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Friday, April 30, 2010

Muzzling scientists

Notice any prestigious scientific journals running studies (not opinions) in defense of the National Institute of Standards and Technology reports of the World Trade Center building collapses?

You are unlikely to see much. The best the NIST has been able to do in the way of support is a 2006 Popular Mechanics piece "debunking" 9/11 skeptics.

Though a number of physicists, mathematicians and computer scientists have expressed severe doubts about government claims concerning the collapses and other aspects of the attacks, no such criticism (as far as I know) has appeared in a major scientific journal, although physicist Stephen Jones' report on nanothermite found in trade center dust was published by an online scientific journal published overseas.

Yet, the NIST reports cry out for review by serious scientists concerning their credibility, professionalism and flaws. In fact, they deserve to be examined by peers seeking evidence of scientific fraud.

There is of course a reason why "hard science" journals stay out of the controversy: intimidation, by those with a vested interest in defending the Pentagon and other U.S. agencies, and by the more vindictive 9/11 doubters. Scientists fear to get involved in the controversy, lest their careers are bombed out by the Glen Becks of the academic world.

But, if the 9/11 reports are credible, wouldn't scientific journals have been publishing favorable reviews?

In fact, the propaganda war meant to rope off critics from "mainstream" media would have less success if the scientific journals weren't compelled to cooperate.

Oh, I should mention that there was some manufactured consensus among mechanical engineers concerning the collapses. But this was really a big con job, with no real open discussion permitted. Also, other types of scientists -- specifically physicists, computer scientists and mathematicians -- were for the most part conspicuously absent from this alleged consensus.

The FBI is trying to escape scientific distrust of its anthrax investigation -- the one that concluded that Dr. Bruce Ivins was a lone deranged killer -- by having a National Academy of Sciencies panel review its scientific method in the anthrax forensics that allegedly implicated Ivins.

However, the bureau apparently expects that the scientists will dutifully window-dress their probe because it officially wrapped up the probe before the panel had finished its inquiry. Anyway, the New York Times reported, the bureau specifically directed the scientists to assess the scientific technique, not the validity of its application nor the bureau's conclusion.

President Obama may veto the intelligence authorization bill, congressional leaders have been warned, if Congress doesn't remove a clause requiring the director of national intelligence to check to see whether a foreign-based conspiracy was at work. Obama's budget director, Peter Orszag, said such a probe would be "duplicative." Yeah, why waste tax money on another coverup?

Rep. Rush Holt, New Jersey Democrat, said he was surprised that the administration would thwart a re-examination.

Certainly the clause shows that Congress doesn't think much of the FBI's work on the attacks, which targeted federal lawmakers and members of the press. Yet Holt, measuring his words carefully, told this writer that he had seen no evidence that the trade center towers had come down contrary to the NIST's claims. Holt, a physicist, knows very well that most of the tangible evidence was quickly shipped overseas as scrap metal. He said that if he saw anything that would undermine government claims, he would push to have it declassified. (He did not quite imply that FBI forensic testing at Ground Zero was classified, but the NIST's trade center collapse reports mentioned no review of FBI forensic studies.)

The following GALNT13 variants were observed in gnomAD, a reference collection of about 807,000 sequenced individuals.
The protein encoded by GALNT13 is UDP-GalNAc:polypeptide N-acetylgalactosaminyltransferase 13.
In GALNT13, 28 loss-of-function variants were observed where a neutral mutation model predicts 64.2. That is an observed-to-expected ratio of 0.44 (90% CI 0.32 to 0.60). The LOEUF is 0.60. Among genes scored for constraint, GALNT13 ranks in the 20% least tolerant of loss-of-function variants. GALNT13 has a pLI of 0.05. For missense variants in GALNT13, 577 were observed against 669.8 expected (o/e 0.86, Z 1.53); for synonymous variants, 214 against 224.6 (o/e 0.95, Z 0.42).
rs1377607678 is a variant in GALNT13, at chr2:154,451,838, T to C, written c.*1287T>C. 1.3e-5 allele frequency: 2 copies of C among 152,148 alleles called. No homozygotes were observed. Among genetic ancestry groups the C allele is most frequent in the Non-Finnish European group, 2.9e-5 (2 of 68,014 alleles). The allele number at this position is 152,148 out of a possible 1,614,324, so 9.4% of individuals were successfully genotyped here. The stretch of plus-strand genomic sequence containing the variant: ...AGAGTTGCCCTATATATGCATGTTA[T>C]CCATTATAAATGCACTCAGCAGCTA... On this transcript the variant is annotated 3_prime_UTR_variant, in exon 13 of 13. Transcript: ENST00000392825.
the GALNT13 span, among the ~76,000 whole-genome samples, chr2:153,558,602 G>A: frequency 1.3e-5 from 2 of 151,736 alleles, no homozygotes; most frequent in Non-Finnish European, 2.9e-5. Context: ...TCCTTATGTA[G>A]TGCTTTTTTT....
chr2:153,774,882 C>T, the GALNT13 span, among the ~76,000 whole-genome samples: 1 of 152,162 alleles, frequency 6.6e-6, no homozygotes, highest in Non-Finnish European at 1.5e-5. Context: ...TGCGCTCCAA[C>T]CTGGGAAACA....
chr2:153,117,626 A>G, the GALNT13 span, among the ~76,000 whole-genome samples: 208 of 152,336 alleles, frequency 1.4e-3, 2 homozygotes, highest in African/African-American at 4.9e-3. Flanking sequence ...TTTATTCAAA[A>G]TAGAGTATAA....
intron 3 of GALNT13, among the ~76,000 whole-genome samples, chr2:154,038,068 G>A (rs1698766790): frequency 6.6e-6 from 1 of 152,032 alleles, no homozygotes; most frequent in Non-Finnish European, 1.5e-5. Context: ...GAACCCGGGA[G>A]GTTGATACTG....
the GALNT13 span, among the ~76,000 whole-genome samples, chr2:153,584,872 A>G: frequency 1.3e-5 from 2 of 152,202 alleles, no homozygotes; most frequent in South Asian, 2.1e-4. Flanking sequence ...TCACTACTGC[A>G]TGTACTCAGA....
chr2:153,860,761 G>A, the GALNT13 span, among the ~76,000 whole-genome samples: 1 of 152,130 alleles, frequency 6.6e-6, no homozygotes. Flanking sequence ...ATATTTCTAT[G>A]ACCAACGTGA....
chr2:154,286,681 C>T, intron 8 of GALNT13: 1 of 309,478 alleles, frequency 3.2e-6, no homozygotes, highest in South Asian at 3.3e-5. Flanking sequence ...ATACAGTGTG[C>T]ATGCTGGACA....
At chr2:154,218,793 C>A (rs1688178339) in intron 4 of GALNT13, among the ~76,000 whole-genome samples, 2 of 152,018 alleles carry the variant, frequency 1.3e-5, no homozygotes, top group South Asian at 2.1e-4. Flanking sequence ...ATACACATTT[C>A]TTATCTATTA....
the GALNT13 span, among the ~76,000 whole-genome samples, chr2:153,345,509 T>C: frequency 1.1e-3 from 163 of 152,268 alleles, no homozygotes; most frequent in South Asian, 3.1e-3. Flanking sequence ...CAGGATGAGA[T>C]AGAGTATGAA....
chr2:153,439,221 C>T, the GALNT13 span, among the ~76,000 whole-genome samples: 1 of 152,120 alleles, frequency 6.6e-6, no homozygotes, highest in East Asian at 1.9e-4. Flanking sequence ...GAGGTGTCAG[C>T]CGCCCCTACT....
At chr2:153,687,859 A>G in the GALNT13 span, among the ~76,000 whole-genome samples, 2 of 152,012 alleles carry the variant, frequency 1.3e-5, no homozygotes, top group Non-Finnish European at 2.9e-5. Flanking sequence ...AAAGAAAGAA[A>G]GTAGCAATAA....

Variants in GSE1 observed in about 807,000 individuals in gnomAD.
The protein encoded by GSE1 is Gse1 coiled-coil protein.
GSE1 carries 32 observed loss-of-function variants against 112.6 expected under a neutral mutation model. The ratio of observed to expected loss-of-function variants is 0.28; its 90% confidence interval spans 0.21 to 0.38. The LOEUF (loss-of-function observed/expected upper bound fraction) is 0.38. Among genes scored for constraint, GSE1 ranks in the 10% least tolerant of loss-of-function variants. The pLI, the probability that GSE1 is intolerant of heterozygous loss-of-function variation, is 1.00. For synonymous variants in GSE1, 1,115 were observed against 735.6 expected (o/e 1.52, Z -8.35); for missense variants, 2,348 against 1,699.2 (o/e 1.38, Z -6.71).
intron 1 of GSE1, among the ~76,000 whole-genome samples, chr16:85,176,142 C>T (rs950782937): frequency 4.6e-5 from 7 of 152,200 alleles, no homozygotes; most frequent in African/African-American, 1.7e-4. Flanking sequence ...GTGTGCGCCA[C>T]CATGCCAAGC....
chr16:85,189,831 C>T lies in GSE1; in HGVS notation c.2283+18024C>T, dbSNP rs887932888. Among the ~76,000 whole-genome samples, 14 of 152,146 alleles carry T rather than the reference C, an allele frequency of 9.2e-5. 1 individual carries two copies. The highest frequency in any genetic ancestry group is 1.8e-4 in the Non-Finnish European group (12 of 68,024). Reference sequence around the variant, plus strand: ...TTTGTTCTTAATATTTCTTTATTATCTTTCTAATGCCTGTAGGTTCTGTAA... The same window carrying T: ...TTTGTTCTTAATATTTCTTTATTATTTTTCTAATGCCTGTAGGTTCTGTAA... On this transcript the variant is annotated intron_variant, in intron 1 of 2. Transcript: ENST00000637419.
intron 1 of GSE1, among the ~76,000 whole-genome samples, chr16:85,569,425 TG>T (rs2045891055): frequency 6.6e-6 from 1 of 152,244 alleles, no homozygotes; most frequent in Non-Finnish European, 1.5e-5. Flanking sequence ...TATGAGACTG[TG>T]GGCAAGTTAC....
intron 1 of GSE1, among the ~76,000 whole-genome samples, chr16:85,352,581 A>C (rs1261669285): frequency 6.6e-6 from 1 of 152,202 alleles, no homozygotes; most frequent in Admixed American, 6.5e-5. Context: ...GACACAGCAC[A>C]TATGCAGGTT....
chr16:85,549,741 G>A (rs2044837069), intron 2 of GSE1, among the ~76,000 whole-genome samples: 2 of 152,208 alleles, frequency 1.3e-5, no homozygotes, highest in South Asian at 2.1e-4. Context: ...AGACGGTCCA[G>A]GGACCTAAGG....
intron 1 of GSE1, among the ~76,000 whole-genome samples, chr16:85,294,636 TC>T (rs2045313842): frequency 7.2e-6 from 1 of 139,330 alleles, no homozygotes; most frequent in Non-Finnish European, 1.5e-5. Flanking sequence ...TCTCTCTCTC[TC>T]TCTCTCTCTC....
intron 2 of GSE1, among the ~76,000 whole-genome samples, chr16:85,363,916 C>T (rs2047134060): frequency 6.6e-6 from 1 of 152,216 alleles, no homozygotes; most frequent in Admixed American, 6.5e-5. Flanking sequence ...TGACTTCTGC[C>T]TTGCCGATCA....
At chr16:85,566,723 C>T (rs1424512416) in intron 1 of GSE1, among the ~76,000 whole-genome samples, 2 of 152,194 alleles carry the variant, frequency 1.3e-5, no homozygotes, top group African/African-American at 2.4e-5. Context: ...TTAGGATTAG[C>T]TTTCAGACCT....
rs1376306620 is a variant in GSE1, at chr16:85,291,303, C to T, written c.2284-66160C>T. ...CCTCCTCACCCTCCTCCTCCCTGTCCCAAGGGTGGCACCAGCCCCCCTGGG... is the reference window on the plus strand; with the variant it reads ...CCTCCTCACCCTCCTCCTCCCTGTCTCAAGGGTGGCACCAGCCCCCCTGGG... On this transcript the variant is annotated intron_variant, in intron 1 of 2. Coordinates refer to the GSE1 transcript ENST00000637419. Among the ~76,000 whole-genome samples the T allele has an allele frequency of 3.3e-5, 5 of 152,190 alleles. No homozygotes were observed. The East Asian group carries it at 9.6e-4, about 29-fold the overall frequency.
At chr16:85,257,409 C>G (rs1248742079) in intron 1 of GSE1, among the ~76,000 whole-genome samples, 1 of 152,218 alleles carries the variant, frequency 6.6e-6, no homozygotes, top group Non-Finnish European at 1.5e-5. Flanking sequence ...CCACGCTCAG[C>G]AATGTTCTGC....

But surely the Princeton scientist must suspect that if the FBI botched the anthrax probe, perhaps it also did poorly on the 9/11 probe -- which, after all, was only detached from the anthrax probe after a pesky reporter discovered that the anthrax strain came from a U.S. source.

Congress, of course, urged that a foreign connection be checked, bypassing the possibility that a domestic conspiracy was responsible. As to foreign penetration, it is evident that U.S. security agencies aren't terribly enthusiastic about discussing the possibility of moles in their midst. Germany and Japan very likely lost World War II because their spook chiefs were terrified to concede that their security systems had been badly compromised.

This brings us to the Justice Dept. (or, really CIA) attempt to crack down on the press via its move against James Risen of the New York Times.

No intelligence chief likes to look "weak" vis a vis his counterparts in other agencies or other governments. Press curtailment is a seen as a sign of control, of a spook chief's status.

But which spook chief really has the upper hand in American intelligence and in the American press? Very unlikely to be al Qaeda's. Possibilities include top people in the Kremlin's security service, Britain's MI6 and Israel's Mossad, and perhaps some others, such as the allegedly modestly rich Jay Rockefeller, who always has his hand in security matters.

Rockefeller has been touting a cyberspace security bill, but it's not getting much attention from the press. Though a proviso seeming to give the president the power to shut parts of the internet down in an emergency has been clarified, one must wonder what else might be lurking in the bill that turns out to be a clever power play, giving security chiefs better net filtering powers.

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